A drunk person should not slaughter, but if he did anyhow, as long as the technique was proper, the slaughter would still be good. In fact, even if he was so completely drunk as to be not cognizant of his actions ("as drunk as Lot") and he'd have the same halachic status as someone insane; the halacha is if someone insane did slaughter, and used the proper ...


6

Waiting six hours is not based on the scientific definition of digestion. The Talmud (Chullin 105a) says that one must wait from one meal to the next. There is a disagreement among the Rishonim if that actually means from one meal to the next, or if it means the amount of time between the morning and evening meals, which would mean approximately six hours. ...


6

Kudos to both answers above; just one more point: after the ainmal is slaughtered by a Jew according to Jewish law, the meat is then inspected, soaked, and salted; then it can be packaged in a reasonably tamper-proof container and shipped off and sold at any general supermarket. So you don't have to go to a "kosher butcher shop" per se.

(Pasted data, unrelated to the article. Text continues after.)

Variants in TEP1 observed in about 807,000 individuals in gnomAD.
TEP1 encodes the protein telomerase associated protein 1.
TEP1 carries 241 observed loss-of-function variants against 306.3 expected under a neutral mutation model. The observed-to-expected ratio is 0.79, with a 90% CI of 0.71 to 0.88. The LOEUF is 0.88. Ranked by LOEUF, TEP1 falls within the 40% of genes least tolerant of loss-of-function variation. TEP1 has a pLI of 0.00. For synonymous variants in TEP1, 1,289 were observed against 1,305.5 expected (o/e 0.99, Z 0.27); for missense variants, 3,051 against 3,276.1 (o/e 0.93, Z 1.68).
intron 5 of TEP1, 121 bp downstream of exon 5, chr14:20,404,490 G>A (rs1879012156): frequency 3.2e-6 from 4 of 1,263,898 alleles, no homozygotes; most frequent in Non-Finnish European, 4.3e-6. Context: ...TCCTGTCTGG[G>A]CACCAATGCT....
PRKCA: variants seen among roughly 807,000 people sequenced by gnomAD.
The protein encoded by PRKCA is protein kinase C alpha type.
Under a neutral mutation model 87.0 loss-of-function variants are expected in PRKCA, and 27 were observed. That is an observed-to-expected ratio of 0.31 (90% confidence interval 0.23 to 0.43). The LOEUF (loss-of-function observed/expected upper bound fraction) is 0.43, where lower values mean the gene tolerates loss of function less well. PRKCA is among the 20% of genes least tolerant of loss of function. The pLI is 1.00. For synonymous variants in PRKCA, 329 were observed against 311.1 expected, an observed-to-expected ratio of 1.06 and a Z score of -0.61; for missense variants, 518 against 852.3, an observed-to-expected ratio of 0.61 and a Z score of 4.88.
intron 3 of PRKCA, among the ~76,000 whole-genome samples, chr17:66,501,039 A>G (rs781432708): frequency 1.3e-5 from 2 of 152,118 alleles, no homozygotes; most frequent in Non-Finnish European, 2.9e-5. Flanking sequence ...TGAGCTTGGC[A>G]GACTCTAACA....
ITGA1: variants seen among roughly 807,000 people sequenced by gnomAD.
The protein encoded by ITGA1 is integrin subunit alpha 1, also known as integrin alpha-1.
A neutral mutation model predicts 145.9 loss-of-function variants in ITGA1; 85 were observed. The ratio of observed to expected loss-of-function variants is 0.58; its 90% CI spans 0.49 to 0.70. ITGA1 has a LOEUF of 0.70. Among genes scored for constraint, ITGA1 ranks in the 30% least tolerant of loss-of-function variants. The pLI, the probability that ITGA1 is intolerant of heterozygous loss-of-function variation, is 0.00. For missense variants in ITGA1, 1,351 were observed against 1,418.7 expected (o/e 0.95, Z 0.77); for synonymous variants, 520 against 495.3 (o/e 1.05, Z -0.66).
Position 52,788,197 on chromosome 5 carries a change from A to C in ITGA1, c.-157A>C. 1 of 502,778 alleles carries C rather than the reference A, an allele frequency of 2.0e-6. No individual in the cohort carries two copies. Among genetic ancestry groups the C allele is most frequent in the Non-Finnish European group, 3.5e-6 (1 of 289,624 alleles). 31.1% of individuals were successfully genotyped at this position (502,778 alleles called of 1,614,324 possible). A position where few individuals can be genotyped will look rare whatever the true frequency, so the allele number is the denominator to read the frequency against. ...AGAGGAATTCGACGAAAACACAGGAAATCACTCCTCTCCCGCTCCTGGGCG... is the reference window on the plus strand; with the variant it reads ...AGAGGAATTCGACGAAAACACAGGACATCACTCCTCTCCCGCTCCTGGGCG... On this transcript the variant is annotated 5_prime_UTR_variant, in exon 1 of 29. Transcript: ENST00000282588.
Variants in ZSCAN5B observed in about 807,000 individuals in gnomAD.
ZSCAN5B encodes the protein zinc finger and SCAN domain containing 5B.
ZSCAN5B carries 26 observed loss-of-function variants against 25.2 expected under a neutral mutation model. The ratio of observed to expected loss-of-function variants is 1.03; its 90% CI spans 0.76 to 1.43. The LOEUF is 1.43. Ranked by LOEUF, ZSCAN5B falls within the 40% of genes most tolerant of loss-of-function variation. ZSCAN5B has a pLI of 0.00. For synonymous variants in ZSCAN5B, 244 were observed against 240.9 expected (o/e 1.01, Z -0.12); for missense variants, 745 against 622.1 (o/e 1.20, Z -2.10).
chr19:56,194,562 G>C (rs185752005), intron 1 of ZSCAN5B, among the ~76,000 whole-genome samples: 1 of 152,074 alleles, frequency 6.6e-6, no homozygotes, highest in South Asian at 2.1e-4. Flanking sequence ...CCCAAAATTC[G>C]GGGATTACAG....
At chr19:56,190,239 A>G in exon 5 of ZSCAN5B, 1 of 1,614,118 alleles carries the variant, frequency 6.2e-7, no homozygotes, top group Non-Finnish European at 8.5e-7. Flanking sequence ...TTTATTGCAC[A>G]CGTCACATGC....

6

Here's a clear explanation of the Heter side: The Arugot Habosem (Rabbi Aryeh Lebush Bolchiver, author of Shem Aryeh, Russia, published 1870; kuntras ha'tshuvot in the back, siman 16) very neatly presents the quandary: Birds require a tradition to be kosher and turkey (indik) is a bird that comes from America, a place that was not discovered until the ...


5

While I'm inclined to believe that the certifying agency endorsement should be sufficient perhaps I am mistaken since the OU has new video related to this issue : Together, they elucidate in a clear and thorough fashion the red flags in raw chicken that YOU need to know. After watching this video, you’ll have more confidence in the kashrut of ...


5

As indicated, most meat available in America today that is up to conventional kosher standards is also glatt. From what I understand if I heard correctly from Rabbi Hershel Schachter, "glatt" was the excuse for creating a far superior standard of kosher in America than what had preceded it (e.g. requiring the slaughterpeople be Sabbath-observant). When ...